" I note the inscription "WG 338". You will be aware this weapon modelled on the Cledd, was issued to Lewis gun teams from the 9th Bn Royal Welch Fusiliers in WW1. The intention being that the men could use them for trench fighting. The cost be funded by their CO; The Lord Howard De Walden who had a great interest in medieval weaponry. Each knife had the following inscription on the blade. "Dros Urddas Cymru" ("For the Honour of Wales ").

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Quoted from a welsh fusiliers expert

"I note the inscription "WG 338". You will be aware this weapon modelled on the Cledd, was issued to Lewis gun teams from the 9th Bn Royal Welch Fusiliers in WW1. The intention being that the men could use them for trench fighting. The cost be funded by their CO; The Lord Howard De Walden who had a great interest in medieval weaponry. Each knife had the following inscription on the blade. "Dros Urddas Cymru" ("For the Honour of Wales ")."

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Quoted from a welsh fusiliers expert

"I note the inscription "WG 338". You will be aware this weapon modelled on the Cledd, was issued to Lewis gun teams from the 9th Bn Royal Welch Fusiliers in WW1. The intention being that the men could use them for trench fighting. The cost be funded by their CO; The Lord Howard De Walden who had a great interest in medieval weaponry. Each knife had the following inscription on the blade. "Dros Urddas Cymru" ("For the Honour of Wales ")."

Not sure what the quote is meant to show.

I have seen it on the facebook page. With due respect to it's originator (whom I know) I think he himself would agree with me when I say he doesn't quite match an author (Saunders) who has '..completed a PhD at Exeter University, studying the invention of British trench warfare munitions and their effect on tactics on the Western Front.'

http://www.pen-and-sword.co.uk/Trench-Warfare-1850-1950/p/2303/

The IWM quote in post 12 does not actualy state they were personal issue but merely that they were 'equipped' and 'so armed'

.

I'm still leaning towards not being able to reconcile the amount of men who would have gone through the 9th Battalion to the relatively small amount of these knives. Knowing a bit more about the other numbers you have seen might throw some light on it.

I'm happy to be corrected on my view re 338

Hywyn

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If these knives were impressed with initials and service number, could they have been inscribed after the war?

Is it possible these were drawn from stores by a raiding party as and when needed?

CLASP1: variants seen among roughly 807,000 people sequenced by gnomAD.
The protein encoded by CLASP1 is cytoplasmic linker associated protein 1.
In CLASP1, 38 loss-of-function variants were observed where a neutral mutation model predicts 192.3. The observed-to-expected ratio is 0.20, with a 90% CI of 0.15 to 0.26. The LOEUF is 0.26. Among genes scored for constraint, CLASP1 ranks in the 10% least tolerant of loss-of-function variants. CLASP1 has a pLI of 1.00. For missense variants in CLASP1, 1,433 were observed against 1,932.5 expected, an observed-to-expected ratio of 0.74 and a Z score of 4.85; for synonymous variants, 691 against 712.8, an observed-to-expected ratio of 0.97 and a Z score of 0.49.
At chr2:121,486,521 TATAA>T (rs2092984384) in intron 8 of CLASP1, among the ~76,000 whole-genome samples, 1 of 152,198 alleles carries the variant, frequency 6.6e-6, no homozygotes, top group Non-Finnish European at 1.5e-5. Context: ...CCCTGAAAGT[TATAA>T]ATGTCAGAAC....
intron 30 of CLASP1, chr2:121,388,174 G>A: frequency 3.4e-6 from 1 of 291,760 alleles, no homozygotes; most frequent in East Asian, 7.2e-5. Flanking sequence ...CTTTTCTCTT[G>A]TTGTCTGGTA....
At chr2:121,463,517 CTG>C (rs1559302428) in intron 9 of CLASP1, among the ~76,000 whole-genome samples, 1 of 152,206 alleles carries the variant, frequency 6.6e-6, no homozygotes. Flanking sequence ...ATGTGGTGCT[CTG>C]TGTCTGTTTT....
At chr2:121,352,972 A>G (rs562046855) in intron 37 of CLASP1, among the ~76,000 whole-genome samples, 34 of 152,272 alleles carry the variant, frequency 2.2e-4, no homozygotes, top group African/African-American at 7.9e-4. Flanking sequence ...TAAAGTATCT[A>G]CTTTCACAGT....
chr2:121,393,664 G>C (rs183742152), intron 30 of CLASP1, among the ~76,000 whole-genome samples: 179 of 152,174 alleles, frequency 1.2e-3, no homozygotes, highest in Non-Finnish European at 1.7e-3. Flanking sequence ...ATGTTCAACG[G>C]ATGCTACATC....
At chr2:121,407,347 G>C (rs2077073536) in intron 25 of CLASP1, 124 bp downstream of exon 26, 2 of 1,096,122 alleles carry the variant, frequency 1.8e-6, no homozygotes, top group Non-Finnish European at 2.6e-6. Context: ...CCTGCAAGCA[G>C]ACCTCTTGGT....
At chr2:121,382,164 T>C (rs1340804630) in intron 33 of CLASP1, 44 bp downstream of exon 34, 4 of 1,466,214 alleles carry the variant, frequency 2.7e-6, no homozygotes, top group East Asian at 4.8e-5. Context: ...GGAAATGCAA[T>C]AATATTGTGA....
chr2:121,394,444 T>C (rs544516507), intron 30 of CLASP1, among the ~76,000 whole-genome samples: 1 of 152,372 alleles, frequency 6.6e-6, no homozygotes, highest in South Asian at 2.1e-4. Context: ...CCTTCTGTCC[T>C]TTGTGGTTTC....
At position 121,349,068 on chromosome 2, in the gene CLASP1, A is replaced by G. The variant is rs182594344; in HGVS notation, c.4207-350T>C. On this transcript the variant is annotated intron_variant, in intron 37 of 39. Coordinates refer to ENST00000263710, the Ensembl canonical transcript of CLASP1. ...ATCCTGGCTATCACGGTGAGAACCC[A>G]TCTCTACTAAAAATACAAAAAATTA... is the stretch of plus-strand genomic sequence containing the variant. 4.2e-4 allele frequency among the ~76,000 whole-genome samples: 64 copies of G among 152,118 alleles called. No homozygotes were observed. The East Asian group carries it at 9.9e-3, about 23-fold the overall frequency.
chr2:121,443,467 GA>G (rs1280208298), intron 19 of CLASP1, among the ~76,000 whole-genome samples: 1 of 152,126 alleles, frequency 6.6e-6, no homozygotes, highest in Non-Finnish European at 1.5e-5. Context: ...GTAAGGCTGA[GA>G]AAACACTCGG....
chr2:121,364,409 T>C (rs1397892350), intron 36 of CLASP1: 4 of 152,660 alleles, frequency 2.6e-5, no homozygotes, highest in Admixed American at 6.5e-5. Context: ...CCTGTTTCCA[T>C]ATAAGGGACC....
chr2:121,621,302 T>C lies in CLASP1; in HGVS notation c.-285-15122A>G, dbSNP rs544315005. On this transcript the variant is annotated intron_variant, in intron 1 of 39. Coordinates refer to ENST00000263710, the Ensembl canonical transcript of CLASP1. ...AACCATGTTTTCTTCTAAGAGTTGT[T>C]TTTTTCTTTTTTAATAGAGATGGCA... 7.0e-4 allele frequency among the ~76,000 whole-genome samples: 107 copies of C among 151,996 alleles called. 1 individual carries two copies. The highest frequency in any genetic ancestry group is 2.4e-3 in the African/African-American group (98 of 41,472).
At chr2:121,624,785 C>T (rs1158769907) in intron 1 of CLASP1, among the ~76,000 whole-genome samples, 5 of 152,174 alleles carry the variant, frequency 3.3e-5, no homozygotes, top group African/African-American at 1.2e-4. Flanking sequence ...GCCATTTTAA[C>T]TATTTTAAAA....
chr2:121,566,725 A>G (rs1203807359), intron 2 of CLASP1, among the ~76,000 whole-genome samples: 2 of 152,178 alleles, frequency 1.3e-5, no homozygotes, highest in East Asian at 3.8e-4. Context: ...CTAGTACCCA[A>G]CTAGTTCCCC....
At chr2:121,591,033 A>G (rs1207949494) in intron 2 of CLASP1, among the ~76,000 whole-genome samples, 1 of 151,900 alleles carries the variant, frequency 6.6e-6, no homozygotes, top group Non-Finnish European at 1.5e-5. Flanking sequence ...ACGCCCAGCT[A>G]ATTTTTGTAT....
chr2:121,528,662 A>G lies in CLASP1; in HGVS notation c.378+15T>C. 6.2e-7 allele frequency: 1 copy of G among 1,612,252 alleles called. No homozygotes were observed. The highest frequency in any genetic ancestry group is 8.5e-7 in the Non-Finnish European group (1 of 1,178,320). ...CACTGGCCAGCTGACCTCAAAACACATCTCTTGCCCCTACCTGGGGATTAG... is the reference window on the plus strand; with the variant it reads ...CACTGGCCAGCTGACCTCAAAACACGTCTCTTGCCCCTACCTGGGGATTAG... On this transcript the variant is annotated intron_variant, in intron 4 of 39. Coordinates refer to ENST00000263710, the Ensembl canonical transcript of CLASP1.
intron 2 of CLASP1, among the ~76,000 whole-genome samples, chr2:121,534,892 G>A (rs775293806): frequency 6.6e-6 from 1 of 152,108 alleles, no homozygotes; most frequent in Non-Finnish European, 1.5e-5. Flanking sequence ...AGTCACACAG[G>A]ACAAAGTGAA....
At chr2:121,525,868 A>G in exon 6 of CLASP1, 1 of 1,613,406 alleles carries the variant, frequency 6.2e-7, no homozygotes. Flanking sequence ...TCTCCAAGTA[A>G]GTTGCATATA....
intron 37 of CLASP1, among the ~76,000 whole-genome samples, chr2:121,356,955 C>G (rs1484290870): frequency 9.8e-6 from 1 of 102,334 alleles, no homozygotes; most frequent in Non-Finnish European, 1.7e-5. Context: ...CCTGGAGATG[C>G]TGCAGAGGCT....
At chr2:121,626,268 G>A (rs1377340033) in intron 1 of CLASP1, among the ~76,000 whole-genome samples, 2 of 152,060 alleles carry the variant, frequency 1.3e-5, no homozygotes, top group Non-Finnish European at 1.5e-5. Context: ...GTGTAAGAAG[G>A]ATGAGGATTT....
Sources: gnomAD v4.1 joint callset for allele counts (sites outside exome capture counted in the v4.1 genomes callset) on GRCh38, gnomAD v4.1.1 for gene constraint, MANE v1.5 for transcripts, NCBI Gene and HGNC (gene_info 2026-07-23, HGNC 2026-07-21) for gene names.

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Seems to me to be quite a bit known about it in general e.g the IWM material quoted and the research material by Anthony Saunders.

It's this particular item that you raise that has too little known about. A bit of provenance of its background may be required to further your initial question which was 'Is this an original' i.e its particular history, is it family heirloom, bought in an auction etc.

Hywyn

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Seems to me to be quite a bit known about it in general e.g the IWM material quoted and the research material by Anthony Saunders.

It's this particular item that you raise that has too little known about. A bit of provenance of its background may be required to further your initial question which was 'Is this an original' i.e its particular history, is it family heirloom, bought in an auction etc.

Hywyn

As a fellow collector , believe the item not the story .

Stories mean nothing.

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I'm not a collector I'm afraid. I wasn't suggesting believing the story but merely obtaining it to weigh up against the other facts in your possession. What is the story?

Hywyn

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I'm not a collector I'm afraid. I wasn't suggesting believing the story but merely obtaining it to weigh up against the other facts in your possession. What is the story?

Hywyn

There is no story sorry .

In the militaria collecting world , most stories told about a item tend to be false or not able to be verified .

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There is no story sorry

In the militaria collecting world , most stories told about a item tend to be false or not able to be verified .

Sorry , my mistake. I had thought that the friend (see post 1) on whose behalf you were enquiring was the New Zealander lady who has posted these photos on Facebook of the item in her possession.

Quote her Facebook entry

"Hello guys , I have this welsh cledd knife/sword "

If that had been the case there would have been some sort of a story about the origins of that particular item in her possession.

Hywyn

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Sorry , my mistake. I had thought that the friend (see post 1) on whose behalf you were enquiring was the New Zealander lady who has posted these photos on Facebook of the item in her possession.

Quote her Facebook entry

"Hello guys , I have this welsh cledd knife/sword "

If that had been the case there would have been some sort of a story about the origins of that particular item in her possession.

Hywyn

Sorry yes that is my partners facebook , I don't use facebook myself . Hence the confusion .